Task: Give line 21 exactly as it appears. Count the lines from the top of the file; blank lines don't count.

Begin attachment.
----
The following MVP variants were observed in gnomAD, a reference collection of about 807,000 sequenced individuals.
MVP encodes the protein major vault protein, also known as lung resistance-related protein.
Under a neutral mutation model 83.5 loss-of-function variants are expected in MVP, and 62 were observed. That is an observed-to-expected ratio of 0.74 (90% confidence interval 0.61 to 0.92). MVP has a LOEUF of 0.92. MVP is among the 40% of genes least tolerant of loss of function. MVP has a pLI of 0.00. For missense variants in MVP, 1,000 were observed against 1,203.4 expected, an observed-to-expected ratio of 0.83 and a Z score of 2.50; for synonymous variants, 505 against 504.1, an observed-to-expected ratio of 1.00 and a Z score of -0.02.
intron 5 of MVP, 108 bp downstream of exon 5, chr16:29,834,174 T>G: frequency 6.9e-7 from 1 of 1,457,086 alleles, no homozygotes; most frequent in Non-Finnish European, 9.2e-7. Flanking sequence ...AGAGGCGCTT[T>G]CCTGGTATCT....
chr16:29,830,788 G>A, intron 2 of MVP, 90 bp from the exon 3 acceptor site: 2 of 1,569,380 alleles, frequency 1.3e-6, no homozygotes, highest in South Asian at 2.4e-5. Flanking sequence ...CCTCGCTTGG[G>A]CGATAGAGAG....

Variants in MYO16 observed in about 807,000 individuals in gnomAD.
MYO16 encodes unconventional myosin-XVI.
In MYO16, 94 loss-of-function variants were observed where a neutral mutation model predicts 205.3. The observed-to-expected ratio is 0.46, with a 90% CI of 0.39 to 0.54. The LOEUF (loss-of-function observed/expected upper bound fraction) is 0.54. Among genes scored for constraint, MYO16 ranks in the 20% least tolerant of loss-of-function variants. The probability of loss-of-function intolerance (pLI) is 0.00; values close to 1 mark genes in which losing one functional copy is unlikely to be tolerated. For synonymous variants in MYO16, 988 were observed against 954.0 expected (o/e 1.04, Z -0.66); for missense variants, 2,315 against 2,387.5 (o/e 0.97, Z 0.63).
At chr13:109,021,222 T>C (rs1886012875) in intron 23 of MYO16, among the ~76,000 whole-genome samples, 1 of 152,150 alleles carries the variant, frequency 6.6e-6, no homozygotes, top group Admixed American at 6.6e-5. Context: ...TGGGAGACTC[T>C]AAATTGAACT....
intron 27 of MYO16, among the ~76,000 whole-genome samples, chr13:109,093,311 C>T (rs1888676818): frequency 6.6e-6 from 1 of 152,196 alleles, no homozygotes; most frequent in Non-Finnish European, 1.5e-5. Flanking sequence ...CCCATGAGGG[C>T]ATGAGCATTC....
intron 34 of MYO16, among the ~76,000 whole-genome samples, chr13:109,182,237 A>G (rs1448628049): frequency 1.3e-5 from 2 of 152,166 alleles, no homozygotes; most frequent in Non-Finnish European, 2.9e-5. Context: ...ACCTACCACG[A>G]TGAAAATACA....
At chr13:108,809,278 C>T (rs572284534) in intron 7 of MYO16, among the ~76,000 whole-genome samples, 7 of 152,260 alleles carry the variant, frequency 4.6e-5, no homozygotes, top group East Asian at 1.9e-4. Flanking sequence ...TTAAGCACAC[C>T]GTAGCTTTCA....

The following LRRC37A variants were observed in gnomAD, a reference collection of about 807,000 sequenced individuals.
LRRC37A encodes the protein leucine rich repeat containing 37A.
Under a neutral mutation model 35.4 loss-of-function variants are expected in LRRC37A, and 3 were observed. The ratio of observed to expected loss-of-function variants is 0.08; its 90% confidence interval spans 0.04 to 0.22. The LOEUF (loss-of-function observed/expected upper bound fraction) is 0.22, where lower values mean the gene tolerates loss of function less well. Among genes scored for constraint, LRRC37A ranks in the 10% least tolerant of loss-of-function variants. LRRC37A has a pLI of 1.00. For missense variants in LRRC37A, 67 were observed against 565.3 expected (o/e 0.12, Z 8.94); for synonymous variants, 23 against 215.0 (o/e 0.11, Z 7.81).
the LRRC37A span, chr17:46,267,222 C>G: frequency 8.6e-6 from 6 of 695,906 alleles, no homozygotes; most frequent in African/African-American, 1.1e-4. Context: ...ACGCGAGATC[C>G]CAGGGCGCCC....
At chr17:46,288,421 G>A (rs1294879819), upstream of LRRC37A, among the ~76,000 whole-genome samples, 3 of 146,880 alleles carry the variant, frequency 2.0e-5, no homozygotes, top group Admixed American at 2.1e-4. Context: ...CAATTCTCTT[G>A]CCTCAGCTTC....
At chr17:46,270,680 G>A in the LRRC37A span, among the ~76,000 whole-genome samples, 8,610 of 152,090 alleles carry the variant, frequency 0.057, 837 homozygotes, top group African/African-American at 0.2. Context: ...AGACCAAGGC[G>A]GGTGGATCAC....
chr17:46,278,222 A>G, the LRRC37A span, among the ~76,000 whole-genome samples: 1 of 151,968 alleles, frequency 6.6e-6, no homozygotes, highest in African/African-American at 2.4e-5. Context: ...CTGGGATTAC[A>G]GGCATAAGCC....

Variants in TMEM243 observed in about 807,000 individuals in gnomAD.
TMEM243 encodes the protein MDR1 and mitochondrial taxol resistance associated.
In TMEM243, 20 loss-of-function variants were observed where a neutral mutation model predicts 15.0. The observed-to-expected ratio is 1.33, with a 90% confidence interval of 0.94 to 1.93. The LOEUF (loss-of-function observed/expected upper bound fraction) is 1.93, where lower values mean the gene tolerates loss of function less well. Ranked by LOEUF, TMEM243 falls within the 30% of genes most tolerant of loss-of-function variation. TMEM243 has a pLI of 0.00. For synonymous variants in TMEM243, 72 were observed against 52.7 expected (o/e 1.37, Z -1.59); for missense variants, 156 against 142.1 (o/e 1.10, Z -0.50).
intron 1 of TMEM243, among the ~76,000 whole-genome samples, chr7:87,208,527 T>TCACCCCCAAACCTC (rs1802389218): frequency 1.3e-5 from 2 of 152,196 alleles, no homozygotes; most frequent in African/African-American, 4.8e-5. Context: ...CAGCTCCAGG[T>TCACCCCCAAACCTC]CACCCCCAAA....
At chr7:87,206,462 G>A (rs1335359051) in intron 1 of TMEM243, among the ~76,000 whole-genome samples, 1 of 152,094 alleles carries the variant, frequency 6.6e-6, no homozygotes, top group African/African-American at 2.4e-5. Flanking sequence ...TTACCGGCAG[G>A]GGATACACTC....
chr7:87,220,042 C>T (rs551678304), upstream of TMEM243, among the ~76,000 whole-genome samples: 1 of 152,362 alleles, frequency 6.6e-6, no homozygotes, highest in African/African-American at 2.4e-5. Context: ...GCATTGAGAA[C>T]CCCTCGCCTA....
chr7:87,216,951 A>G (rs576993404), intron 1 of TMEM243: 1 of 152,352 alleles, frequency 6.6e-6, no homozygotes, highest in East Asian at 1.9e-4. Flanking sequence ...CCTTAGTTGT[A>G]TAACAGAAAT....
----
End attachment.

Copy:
TMEM243 encodes the protein MDR1 and mitochondrial taxol resistance associated.